India’s new CSR Act: Spend or invest? The right approach is crucial (Part 1 of 2)

With India’s Corporate Social Responsibilities (CSR) Act now in effect, the Indian Institute of Corporate Affairs estimates that more than 8,000 companies will make up to 20,000 crores (US $3.2B) available to the development sector. That shift represents an unprecedented opportunity to drive social progress.

It also raises a big – and much discussed – question for companies tasked with distributing CSR money: “What’s the best way to spend it?”

I’d suggest that that’s not the right question to ask.

The Michael & Susan Dell Foundation has been working towards its mission of transforming lives of children living in urban poverty in India since 2006. Although we’ve committed ~700 crores (US $112M) in that time, we have not spent a single dollar. Rather we have invested in creating world-class organisations and in catalyzing new markets that serve the poor.

The goal of CSR should be to drive similar long-term social impact. The first step toward that goal? Changing our language. Companies must stop asking about CSR spends, and start talking about CSR investments.

Assuming the sector does make the shift from thinking about spending money to investing it, both companies and nonprofits need to focus on a handful of changes that can help them make the most of the new funds at play.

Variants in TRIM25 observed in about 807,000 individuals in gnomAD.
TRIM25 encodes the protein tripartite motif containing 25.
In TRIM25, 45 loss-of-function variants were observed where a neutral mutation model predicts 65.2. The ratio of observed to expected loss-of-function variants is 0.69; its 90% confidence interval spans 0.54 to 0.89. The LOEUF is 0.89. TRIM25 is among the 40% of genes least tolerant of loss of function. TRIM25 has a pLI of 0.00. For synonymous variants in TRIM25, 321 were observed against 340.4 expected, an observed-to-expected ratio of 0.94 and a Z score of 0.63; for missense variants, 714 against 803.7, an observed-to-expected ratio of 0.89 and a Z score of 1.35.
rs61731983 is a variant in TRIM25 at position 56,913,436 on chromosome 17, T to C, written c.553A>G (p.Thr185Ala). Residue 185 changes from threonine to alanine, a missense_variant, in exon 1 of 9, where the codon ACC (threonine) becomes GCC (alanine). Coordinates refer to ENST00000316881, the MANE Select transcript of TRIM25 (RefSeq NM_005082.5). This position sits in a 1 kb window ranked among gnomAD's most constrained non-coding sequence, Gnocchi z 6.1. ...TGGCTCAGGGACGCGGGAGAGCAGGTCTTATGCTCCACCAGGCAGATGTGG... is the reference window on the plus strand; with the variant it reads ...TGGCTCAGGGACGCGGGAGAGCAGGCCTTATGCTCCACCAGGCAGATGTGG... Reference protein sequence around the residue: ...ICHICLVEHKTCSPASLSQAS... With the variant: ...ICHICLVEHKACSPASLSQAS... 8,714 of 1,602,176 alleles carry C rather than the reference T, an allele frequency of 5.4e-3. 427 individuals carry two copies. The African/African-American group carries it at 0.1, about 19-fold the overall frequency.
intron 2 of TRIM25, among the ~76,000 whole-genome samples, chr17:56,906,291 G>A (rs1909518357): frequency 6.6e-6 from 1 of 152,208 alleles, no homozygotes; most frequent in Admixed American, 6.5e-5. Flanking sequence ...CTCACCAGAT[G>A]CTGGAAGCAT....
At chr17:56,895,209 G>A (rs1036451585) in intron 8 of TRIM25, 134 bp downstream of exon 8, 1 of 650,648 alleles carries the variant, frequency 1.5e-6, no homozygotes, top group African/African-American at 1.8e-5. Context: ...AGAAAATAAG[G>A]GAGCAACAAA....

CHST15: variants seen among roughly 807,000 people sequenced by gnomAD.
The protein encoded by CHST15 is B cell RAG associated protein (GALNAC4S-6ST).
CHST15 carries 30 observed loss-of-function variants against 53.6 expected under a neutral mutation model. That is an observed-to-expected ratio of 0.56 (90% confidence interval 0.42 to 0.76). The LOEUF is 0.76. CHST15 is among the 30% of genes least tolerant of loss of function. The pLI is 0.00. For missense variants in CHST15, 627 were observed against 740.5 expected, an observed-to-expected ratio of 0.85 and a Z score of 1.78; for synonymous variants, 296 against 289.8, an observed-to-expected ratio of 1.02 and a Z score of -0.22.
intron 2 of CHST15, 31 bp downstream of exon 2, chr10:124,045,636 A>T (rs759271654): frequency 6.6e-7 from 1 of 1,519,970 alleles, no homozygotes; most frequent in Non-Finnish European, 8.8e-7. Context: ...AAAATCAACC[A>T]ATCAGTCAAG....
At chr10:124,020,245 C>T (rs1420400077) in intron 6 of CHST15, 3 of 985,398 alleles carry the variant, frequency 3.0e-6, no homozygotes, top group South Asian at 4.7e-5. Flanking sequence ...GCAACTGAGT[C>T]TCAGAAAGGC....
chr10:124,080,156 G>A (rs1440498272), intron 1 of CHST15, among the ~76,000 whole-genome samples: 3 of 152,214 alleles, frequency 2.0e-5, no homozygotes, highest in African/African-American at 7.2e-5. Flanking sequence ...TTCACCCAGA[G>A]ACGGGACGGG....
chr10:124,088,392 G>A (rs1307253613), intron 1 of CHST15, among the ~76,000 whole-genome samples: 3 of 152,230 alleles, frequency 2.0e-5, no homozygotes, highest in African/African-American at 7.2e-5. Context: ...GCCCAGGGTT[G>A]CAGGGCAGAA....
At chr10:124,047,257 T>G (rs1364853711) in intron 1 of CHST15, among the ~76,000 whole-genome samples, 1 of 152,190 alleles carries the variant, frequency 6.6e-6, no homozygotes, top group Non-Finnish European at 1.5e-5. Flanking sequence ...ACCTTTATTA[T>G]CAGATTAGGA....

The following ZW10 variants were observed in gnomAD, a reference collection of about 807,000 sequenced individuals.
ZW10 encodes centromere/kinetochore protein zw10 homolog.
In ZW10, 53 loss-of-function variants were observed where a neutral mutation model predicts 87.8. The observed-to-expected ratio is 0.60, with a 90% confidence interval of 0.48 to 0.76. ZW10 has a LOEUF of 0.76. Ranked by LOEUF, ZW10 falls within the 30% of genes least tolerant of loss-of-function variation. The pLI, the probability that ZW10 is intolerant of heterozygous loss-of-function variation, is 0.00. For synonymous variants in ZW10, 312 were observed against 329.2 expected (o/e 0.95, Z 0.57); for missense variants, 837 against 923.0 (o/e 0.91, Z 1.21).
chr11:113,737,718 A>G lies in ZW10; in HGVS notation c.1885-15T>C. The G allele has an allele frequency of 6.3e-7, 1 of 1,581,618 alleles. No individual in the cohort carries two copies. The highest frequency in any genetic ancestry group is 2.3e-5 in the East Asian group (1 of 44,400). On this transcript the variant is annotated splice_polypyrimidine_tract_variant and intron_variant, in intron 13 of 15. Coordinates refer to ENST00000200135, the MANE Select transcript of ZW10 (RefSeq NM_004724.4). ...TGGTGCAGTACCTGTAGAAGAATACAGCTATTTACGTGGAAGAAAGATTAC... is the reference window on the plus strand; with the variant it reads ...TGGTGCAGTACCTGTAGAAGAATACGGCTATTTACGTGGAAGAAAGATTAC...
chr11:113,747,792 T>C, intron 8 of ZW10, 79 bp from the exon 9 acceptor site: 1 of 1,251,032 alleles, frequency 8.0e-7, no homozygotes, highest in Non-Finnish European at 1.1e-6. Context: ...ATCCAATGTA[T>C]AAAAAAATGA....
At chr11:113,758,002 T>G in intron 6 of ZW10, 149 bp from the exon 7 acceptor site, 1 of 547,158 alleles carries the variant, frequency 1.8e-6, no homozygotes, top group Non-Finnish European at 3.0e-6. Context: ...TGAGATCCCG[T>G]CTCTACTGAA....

This shift has multiple strategic implications:

  1. Spends are short term in nature; investments are long term. The development sector needs permanent solutions and not  temporary fixes. Non-profits need to go beyond a project-based approach to develop programs that become scalable and sustainable over time. Companies, meanwhile, need to back non-profits focused on sustainability.
  2. Investments seek to drive outcomes whose performance can be measured. This focus on measurement of outcomes has two implications: It creates a need for evaluation frameworks and it increases accountability.
  3. Social problems are complex; solving them requires the best minds to come together to collaborate. Current practice in the development sector includes almost no collaborative problem solving. However, viewing CSR through an investment lens provides a path toward collaboration. In the for-profit world, companies are well-versed in creating joint-purpose vehicles to work for common cause; similarly, a co-investment approach can bring companies with common CSR missions together to create joint solutions.

Assuming the sector does make the shift from thinking about spending money to investing it, both companies and nonprofits need to focus on a handful of changes that can help them make the most of the new funds at play. I’ll look at the details in a post later in the week.

Read the second post in the series, “India’s new CSR Act: What companies and non-profits can do to maximize impact.”